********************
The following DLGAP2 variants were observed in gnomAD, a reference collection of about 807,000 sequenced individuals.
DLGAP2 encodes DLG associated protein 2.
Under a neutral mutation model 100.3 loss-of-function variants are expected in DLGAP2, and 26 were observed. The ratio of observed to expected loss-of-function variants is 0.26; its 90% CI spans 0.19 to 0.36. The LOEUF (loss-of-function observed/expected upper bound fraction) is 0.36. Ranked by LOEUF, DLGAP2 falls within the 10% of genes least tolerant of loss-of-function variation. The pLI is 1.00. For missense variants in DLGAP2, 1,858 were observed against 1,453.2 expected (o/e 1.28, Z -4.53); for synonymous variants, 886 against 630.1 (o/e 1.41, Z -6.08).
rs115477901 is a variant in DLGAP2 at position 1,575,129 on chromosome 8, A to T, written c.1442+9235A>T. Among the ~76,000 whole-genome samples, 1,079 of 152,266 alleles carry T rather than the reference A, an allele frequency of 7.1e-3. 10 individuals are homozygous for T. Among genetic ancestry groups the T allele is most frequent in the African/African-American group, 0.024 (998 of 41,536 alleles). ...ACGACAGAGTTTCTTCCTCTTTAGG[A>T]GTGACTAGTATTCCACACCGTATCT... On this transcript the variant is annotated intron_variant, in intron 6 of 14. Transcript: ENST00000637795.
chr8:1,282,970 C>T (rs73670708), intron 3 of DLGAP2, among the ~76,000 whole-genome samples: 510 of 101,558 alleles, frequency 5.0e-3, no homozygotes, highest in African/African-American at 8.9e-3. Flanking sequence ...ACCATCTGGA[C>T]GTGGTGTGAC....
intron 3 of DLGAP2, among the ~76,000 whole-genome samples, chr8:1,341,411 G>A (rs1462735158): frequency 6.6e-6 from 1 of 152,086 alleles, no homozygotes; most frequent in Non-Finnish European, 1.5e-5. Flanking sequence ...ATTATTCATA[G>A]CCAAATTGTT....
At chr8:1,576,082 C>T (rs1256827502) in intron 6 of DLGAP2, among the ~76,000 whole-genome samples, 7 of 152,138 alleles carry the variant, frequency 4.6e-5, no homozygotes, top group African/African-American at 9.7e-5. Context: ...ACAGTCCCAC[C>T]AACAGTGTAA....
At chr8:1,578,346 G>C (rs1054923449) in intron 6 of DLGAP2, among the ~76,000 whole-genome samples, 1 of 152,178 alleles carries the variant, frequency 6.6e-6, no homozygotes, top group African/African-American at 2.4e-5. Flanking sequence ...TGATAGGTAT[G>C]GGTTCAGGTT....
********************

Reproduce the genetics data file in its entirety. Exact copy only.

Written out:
The following DLGAP2 variants were observed in gnomAD, a reference collection of about 807,000 sequenced individuals.
DLGAP2 encodes DLG associated protein 2.
Under a neutral mutation model 100.3 loss-of-function variants are expected in DLGAP2, and 26 were observed. The ratio of observed to expected loss-of-function variants is 0.26; its 90% CI spans 0.19 to 0.36. The LOEUF (loss-of-function observed/expected upper bound fraction) is 0.36. Ranked by LOEUF, DLGAP2 falls within the 10% of genes least tolerant of loss-of-function variation. The pLI is 1.00. For missense variants in DLGAP2, 1,858 were observed against 1,453.2 expected (o/e 1.28, Z -4.53); for synonymous variants, 886 against 630.1 (o/e 1.41, Z -6.08).
rs115477901 is a variant in DLGAP2 at position 1,575,129 on chromosome 8, A to T, written c.1442+9235A>T. Among the ~76,000 whole-genome samples, 1,079 of 152,266 alleles carry T rather than the reference A, an allele frequency of 7.1e-3. 10 individuals are homozygous for T. Among genetic ancestry groups the T allele is most frequent in the African/African-American group, 0.024 (998 of 41,536 alleles). ...ACGACAGAGTTTCTTCCTCTTTAGG[A>T]GTGACTAGTATTCCACACCGTATCT... On this transcript the variant is annotated intron_variant, in intron 6 of 14. Transcript: ENST00000637795.
chr8:1,282,970 C>T (rs73670708), intron 3 of DLGAP2, among the ~76,000 whole-genome samples: 510 of 101,558 alleles, frequency 5.0e-3, no homozygotes, highest in African/African-American at 8.9e-3. Flanking sequence ...ACCATCTGGA[C>T]GTGGTGTGAC....
intron 3 of DLGAP2, among the ~76,000 whole-genome samples, chr8:1,341,411 G>A (rs1462735158): frequency 6.6e-6 from 1 of 152,086 alleles, no homozygotes; most frequent in Non-Finnish European, 1.5e-5. Flanking sequence ...ATTATTCATA[G>A]CCAAATTGTT....
At chr8:1,576,082 C>T (rs1256827502) in intron 6 of DLGAP2, among the ~76,000 whole-genome samples, 7 of 152,138 alleles carry the variant, frequency 4.6e-5, no homozygotes, top group African/African-American at 9.7e-5. Context: ...ACAGTCCCAC[C>T]AACAGTGTAA....
At chr8:1,578,346 G>C (rs1054923449) in intron 6 of DLGAP2, among the ~76,000 whole-genome samples, 1 of 152,178 alleles carries the variant, frequency 6.6e-6, no homozygotes, top group African/African-American at 2.4e-5. Flanking sequence ...TGATAGGTAT[G>C]GGTTCAGGTT....